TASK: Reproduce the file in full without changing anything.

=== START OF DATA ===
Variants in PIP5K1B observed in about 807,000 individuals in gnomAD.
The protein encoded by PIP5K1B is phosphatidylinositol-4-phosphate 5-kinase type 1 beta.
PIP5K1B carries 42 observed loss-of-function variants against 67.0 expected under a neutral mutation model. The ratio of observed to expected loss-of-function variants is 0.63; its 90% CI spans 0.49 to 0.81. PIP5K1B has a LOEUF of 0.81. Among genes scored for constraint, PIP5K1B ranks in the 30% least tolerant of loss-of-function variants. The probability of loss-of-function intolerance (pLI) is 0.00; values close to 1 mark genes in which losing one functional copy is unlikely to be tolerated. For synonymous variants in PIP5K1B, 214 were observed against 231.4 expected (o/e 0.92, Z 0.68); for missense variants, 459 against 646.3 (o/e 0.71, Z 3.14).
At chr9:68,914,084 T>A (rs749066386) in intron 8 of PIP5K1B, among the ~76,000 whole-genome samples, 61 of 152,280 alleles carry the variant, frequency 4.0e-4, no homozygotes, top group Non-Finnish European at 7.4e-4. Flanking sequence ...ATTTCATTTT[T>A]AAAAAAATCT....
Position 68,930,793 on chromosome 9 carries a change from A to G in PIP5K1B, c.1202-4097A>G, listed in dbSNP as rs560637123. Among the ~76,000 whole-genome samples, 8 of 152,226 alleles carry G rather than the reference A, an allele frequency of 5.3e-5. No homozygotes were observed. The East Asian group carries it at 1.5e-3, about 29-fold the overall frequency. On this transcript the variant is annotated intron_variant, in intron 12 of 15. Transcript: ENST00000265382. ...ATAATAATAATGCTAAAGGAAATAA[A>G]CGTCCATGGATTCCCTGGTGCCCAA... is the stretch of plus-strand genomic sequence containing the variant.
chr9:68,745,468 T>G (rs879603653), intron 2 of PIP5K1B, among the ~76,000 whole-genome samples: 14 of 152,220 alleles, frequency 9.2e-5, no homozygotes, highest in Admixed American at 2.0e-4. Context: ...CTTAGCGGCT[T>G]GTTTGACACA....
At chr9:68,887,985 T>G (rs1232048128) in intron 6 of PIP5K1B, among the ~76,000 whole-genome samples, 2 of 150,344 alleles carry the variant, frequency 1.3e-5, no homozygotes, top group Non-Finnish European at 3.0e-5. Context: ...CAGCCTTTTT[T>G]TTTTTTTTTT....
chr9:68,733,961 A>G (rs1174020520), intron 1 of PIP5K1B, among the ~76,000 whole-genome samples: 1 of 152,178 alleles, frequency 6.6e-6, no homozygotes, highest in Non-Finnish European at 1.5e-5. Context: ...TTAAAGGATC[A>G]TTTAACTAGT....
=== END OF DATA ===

Variants in PIP5K1B observed in about 807,000 individuals in gnomAD.
The protein encoded by PIP5K1B is phosphatidylinositol-4-phosphate 5-kinase type 1 beta.
PIP5K1B carries 42 observed loss-of-function variants against 67.0 expected under a neutral mutation model. The ratio of observed to expected loss-of-function variants is 0.63; its 90% CI spans 0.49 to 0.81. PIP5K1B has a LOEUF of 0.81. Among genes scored for constraint, PIP5K1B ranks in the 30% least tolerant of loss-of-function variants. The probability of loss-of-function intolerance (pLI) is 0.00; values close to 1 mark genes in which losing one functional copy is unlikely to be tolerated. For synonymous variants in PIP5K1B, 214 were observed against 231.4 expected (o/e 0.92, Z 0.68); for missense variants, 459 against 646.3 (o/e 0.71, Z 3.14).
At chr9:68,914,084 T>A (rs749066386) in intron 8 of PIP5K1B, among the ~76,000 whole-genome samples, 61 of 152,280 alleles carry the variant, frequency 4.0e-4, no homozygotes, top group Non-Finnish European at 7.4e-4. Flanking sequence ...ATTTCATTTT[T>A]AAAAAAATCT....
Position 68,930,793 on chromosome 9 carries a change from A to G in PIP5K1B, c.1202-4097A>G, listed in dbSNP as rs560637123. Among the ~76,000 whole-genome samples, 8 of 152,226 alleles carry G rather than the reference A, an allele frequency of 5.3e-5. No homozygotes were observed. The East Asian group carries it at 1.5e-3, about 29-fold the overall frequency. On this transcript the variant is annotated intron_variant, in intron 12 of 15. Transcript: ENST00000265382. ...ATAATAATAATGCTAAAGGAAATAA[A>G]CGTCCATGGATTCCCTGGTGCCCAA... is the stretch of plus-strand genomic sequence containing the variant.
chr9:68,745,468 T>G (rs879603653), intron 2 of PIP5K1B, among the ~76,000 whole-genome samples: 14 of 152,220 alleles, frequency 9.2e-5, no homozygotes, highest in Admixed American at 2.0e-4. Context: ...CTTAGCGGCT[T>G]GTTTGACACA....
At chr9:68,887,985 T>G (rs1232048128) in intron 6 of PIP5K1B, among the ~76,000 whole-genome samples, 2 of 150,344 alleles carry the variant, frequency 1.3e-5, no homozygotes, top group Non-Finnish European at 3.0e-5. Context: ...CAGCCTTTTT[T>G]TTTTTTTTTT....
chr9:68,733,961 A>G (rs1174020520), intron 1 of PIP5K1B, among the ~76,000 whole-genome samples: 1 of 152,178 alleles, frequency 6.6e-6, no homozygotes, highest in Non-Finnish European at 1.5e-5. Context: ...TTAAAGGATC[A>G]TTTAACTAGT....